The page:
standard "Artistic License". For more details, see the LICENSE file
that comes with the package."
So there you have it. Your artistic license argument is commonplace. It is right on the money, if you'll pardon the pun. Anyway, the LICENSE file for this software clarifies Bruce's liability in bold text:
"UNLESS REQUIRED BY LAW, NO COPYRIGHT HOLDER OR CONTRIBUTOR WILL BE LIABLE FOR ANY DIRECT, INDIRECT, INCIDENTAL, OR CONSEQUENTIAL DAMAGES ARISING IN ANY WAY OUT OF THE USE OF THE PACKAGE, EVEN IF ADVISED OF THE POSSIBILITY OF SUCH DAMAGE."
Bruce, how about you modify that to something that says you believe, as originator of the software, that you should accept liability when you are at fault? Might be a good first step if you really want people to believe in your message.
what is with your web site? For the last week now I can't get to it in Firefox in Linux, have to use Opera. "Page Load Error"
...or you can add an exception
ISTM, that Mr Schneier has been working from a model of the software economy. His model leads him to certain policy prescriptions. And Mr Schneier may feel that he has invested some of his personal credibility in advocating those policy prescriptions.
But, I suspect, the model that he is working from simplifies and approximates. And, I believe, it fails to adequately describe the actual software environment that exists today.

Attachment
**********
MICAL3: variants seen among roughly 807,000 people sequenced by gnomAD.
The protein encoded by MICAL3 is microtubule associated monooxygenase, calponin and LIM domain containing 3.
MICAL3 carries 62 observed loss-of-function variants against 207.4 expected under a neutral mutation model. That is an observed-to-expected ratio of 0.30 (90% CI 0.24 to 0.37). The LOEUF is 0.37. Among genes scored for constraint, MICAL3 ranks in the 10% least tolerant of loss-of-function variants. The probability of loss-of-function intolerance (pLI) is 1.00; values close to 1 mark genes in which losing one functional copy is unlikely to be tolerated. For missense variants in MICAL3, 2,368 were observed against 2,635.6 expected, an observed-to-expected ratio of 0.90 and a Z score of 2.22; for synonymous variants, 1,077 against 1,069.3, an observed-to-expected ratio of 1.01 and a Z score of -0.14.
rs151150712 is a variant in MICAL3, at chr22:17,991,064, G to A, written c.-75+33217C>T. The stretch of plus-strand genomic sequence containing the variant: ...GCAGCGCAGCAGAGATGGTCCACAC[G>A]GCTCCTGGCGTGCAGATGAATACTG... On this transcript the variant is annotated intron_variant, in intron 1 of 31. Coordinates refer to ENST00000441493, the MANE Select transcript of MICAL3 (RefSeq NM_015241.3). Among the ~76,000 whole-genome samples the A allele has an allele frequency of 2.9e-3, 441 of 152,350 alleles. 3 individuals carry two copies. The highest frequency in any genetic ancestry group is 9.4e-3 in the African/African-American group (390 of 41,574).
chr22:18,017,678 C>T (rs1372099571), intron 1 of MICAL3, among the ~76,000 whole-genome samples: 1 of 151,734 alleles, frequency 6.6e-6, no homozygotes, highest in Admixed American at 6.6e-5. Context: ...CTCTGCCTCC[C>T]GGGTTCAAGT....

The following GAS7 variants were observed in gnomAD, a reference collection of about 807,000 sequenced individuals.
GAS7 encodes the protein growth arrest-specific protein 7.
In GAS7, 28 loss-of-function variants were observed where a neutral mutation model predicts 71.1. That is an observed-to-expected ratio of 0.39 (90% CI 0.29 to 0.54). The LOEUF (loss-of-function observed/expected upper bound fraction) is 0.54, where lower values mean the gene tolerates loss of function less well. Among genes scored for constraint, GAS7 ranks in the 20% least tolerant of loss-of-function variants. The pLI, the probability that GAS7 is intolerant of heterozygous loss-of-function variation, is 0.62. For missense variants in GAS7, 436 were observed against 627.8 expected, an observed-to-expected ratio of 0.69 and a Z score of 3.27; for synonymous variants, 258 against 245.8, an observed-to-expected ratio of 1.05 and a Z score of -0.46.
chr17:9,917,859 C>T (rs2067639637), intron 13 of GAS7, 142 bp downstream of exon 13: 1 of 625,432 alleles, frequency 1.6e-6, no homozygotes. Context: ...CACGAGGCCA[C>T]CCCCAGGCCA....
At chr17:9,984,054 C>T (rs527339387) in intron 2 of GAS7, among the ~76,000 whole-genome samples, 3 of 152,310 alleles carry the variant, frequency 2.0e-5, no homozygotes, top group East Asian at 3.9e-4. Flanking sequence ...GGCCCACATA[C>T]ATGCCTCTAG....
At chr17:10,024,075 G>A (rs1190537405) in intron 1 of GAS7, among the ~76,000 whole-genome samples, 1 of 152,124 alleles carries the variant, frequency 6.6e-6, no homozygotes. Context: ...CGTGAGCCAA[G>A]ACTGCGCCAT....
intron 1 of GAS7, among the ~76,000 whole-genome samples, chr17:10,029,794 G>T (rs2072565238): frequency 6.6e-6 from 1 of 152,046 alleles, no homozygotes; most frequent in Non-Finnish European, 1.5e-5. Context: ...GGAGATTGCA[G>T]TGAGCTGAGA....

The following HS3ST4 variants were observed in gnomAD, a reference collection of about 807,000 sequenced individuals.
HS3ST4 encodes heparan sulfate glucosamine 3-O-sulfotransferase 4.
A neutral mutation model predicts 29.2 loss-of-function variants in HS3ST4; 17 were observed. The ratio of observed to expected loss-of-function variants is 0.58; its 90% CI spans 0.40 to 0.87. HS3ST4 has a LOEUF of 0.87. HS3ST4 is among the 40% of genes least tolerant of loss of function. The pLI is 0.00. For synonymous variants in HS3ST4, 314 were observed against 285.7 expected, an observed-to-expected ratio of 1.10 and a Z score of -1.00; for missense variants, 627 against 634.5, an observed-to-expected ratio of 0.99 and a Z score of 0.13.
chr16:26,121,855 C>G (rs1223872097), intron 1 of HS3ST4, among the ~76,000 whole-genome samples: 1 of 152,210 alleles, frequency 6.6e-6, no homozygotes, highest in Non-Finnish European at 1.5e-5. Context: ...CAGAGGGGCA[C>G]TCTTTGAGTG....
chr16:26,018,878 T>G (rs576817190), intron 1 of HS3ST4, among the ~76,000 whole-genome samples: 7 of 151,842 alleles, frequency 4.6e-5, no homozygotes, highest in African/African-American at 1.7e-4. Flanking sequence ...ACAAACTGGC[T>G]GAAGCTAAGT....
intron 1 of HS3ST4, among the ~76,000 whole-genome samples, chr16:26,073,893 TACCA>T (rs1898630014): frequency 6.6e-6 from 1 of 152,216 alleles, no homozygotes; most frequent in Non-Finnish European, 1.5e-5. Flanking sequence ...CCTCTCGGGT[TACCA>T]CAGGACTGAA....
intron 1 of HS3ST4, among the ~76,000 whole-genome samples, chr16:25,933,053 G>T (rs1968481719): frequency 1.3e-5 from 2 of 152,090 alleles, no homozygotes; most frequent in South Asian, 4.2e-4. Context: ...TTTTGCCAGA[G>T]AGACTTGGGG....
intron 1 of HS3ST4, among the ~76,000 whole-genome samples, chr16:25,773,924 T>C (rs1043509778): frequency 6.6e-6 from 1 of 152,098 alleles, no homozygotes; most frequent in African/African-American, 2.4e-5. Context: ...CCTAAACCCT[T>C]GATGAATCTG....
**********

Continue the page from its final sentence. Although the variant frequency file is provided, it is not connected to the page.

Looking just at Microsoft or Apple or companies like those two, it makes sense that they would insufficiently internalize the costs of lax security. A prescription for vendor liability may make a lot of sense if Microsoft is the premiere exemplar for software vendors.
But, as dominant as Microsoft is, one cannot ignore companies like Internet Software Consortium (ISC), producing software like BIND.
I doubt that ISC could afford the lawyers it would take to defend all the lawsuits that the recent BIND upgrade would spawn in a regime of vendor liability: No more ISC. No more BIND.
Most people --given a mismatch between their model and reality-- will tend to stick with their model. They will simply not see things that refute or discredit their model. It isn't 'wilfull blindness'. Instead it's a perceptual condition.
Security folks can't afford that type of all-to-common blindness. Security folks have to be able to see the potential for exploiting the gaps between theoretical models and deployed implementations.